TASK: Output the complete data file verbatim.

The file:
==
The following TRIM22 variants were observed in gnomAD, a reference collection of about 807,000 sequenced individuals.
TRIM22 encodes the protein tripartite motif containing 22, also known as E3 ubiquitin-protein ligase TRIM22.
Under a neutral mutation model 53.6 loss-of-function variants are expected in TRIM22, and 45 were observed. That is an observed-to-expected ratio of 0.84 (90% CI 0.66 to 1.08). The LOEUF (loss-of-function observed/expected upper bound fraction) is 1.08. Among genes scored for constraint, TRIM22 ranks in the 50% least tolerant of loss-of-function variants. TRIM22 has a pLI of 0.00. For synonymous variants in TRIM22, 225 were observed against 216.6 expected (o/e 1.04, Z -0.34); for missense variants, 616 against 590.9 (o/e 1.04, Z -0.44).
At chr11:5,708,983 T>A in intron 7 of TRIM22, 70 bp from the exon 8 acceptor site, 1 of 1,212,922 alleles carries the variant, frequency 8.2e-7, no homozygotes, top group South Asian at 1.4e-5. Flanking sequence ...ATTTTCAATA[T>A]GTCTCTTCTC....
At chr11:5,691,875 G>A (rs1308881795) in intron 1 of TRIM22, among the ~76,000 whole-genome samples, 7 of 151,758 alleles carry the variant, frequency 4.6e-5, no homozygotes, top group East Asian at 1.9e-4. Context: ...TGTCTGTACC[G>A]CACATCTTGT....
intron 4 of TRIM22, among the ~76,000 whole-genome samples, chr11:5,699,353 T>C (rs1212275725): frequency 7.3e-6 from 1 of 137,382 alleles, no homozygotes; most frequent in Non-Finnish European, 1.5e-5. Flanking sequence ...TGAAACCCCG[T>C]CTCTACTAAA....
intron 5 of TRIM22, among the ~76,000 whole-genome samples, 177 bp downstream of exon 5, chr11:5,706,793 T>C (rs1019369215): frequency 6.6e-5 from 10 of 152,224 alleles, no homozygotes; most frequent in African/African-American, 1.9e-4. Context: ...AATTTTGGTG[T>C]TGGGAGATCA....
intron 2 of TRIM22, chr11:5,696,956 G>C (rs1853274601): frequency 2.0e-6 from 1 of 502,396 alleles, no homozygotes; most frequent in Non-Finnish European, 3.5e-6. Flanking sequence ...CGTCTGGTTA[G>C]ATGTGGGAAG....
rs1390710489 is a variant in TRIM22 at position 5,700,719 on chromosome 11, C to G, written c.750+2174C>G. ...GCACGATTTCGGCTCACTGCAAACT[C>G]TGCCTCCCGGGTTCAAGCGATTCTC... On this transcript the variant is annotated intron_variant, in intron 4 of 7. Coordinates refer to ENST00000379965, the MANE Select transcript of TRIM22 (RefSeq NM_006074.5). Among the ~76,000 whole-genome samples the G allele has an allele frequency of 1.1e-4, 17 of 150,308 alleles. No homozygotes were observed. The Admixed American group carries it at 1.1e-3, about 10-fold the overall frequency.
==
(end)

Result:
The following TRIM22 variants were observed in gnomAD, a reference collection of about 807,000 sequenced individuals.
TRIM22 encodes the protein tripartite motif containing 22, also known as E3 ubiquitin-protein ligase TRIM22.
Under a neutral mutation model 53.6 loss-of-function variants are expected in TRIM22, and 45 were observed. That is an observed-to-expected ratio of 0.84 (90% CI 0.66 to 1.08). The LOEUF (loss-of-function observed/expected upper bound fraction) is 1.08. Among genes scored for constraint, TRIM22 ranks in the 50% least tolerant of loss-of-function variants. TRIM22 has a pLI of 0.00. For synonymous variants in TRIM22, 225 were observed against 216.6 expected (o/e 1.04, Z -0.34); for missense variants, 616 against 590.9 (o/e 1.04, Z -0.44).
At chr11:5,708,983 T>A in intron 7 of TRIM22, 70 bp from the exon 8 acceptor site, 1 of 1,212,922 alleles carries the variant, frequency 8.2e-7, no homozygotes, top group South Asian at 1.4e-5. Flanking sequence ...ATTTTCAATA[T>A]GTCTCTTCTC....
At chr11:5,691,875 G>A (rs1308881795) in intron 1 of TRIM22, among the ~76,000 whole-genome samples, 7 of 151,758 alleles carry the variant, frequency 4.6e-5, no homozygotes, top group East Asian at 1.9e-4. Context: ...TGTCTGTACC[G>A]CACATCTTGT....
intron 4 of TRIM22, among the ~76,000 whole-genome samples, chr11:5,699,353 T>C (rs1212275725): frequency 7.3e-6 from 1 of 137,382 alleles, no homozygotes; most frequent in Non-Finnish European, 1.5e-5. Flanking sequence ...TGAAACCCCG[T>C]CTCTACTAAA....
intron 5 of TRIM22, among the ~76,000 whole-genome samples, 177 bp downstream of exon 5, chr11:5,706,793 T>C (rs1019369215): frequency 6.6e-5 from 10 of 152,224 alleles, no homozygotes; most frequent in African/African-American, 1.9e-4. Context: ...AATTTTGGTG[T>C]TGGGAGATCA....
intron 2 of TRIM22, chr11:5,696,956 G>C (rs1853274601): frequency 2.0e-6 from 1 of 502,396 alleles, no homozygotes; most frequent in Non-Finnish European, 3.5e-6. Flanking sequence ...CGTCTGGTTA[G>C]ATGTGGGAAG....
rs1390710489 is a variant in TRIM22 at position 5,700,719 on chromosome 11, C to G, written c.750+2174C>G. ...GCACGATTTCGGCTCACTGCAAACT[C>G]TGCCTCCCGGGTTCAAGCGATTCTC... On this transcript the variant is annotated intron_variant, in intron 4 of 7. Coordinates refer to ENST00000379965, the MANE Select transcript of TRIM22 (RefSeq NM_006074.5). Among the ~76,000 whole-genome samples the G allele has an allele frequency of 1.1e-4, 17 of 150,308 alleles. No homozygotes were observed. The Admixed American group carries it at 1.1e-3, about 10-fold the overall frequency.